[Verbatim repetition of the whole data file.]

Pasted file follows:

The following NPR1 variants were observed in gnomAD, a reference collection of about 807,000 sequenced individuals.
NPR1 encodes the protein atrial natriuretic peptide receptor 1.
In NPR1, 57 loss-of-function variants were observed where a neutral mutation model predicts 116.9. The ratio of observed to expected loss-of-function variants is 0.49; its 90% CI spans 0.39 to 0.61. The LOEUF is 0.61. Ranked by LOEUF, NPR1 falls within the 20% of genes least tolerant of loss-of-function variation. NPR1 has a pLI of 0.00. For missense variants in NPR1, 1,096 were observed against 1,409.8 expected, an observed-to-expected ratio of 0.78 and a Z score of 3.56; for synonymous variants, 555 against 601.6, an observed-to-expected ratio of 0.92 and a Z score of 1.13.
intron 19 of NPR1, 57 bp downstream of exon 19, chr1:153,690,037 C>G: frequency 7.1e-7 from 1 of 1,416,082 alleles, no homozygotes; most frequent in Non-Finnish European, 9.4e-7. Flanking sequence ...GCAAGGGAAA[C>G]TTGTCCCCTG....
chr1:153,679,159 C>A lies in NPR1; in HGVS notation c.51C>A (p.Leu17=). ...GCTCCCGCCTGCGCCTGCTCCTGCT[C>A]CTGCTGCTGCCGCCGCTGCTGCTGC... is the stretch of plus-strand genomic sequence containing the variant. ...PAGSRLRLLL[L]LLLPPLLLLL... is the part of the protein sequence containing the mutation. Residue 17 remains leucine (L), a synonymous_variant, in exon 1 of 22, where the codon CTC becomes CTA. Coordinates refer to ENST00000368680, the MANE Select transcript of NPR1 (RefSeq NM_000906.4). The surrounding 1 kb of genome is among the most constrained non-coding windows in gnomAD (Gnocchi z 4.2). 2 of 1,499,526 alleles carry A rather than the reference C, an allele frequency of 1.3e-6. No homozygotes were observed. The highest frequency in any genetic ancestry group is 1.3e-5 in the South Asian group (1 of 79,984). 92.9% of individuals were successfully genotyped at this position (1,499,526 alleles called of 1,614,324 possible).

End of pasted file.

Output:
The following NPR1 variants were observed in gnomAD, a reference collection of about 807,000 sequenced individuals.
NPR1 encodes the protein atrial natriuretic peptide receptor 1.
In NPR1, 57 loss-of-function variants were observed where a neutral mutation model predicts 116.9. The ratio of observed to expected loss-of-function variants is 0.49; its 90% CI spans 0.39 to 0.61. The LOEUF is 0.61. Ranked by LOEUF, NPR1 falls within the 20% of genes least tolerant of loss-of-function variation. NPR1 has a pLI of 0.00. For missense variants in NPR1, 1,096 were observed against 1,409.8 expected, an observed-to-expected ratio of 0.78 and a Z score of 3.56; for synonymous variants, 555 against 601.6, an observed-to-expected ratio of 0.92 and a Z score of 1.13.
intron 19 of NPR1, 57 bp downstream of exon 19, chr1:153,690,037 C>G: frequency 7.1e-7 from 1 of 1,416,082 alleles, no homozygotes; most frequent in Non-Finnish European, 9.4e-7. Flanking sequence ...GCAAGGGAAA[C>G]TTGTCCCCTG....
chr1:153,679,159 C>A lies in NPR1; in HGVS notation c.51C>A (p.Leu17=). ...GCTCCCGCCTGCGCCTGCTCCTGCT[C>A]CTGCTGCTGCCGCCGCTGCTGCTGC... is the stretch of plus-strand genomic sequence containing the variant. ...PAGSRLRLLL[L]LLLPPLLLLL... is the part of the protein sequence containing the mutation. Residue 17 remains leucine (L), a synonymous_variant, in exon 1 of 22, where the codon CTC becomes CTA. Coordinates refer to ENST00000368680, the MANE Select transcript of NPR1 (RefSeq NM_000906.4). The surrounding 1 kb of genome is among the most constrained non-coding windows in gnomAD (Gnocchi z 4.2). 2 of 1,499,526 alleles carry A rather than the reference C, an allele frequency of 1.3e-6. No homozygotes were observed. The highest frequency in any genetic ancestry group is 1.3e-5 in the South Asian group (1 of 79,984). 92.9% of individuals were successfully genotyped at this position (1,499,526 alleles called of 1,614,324 possible).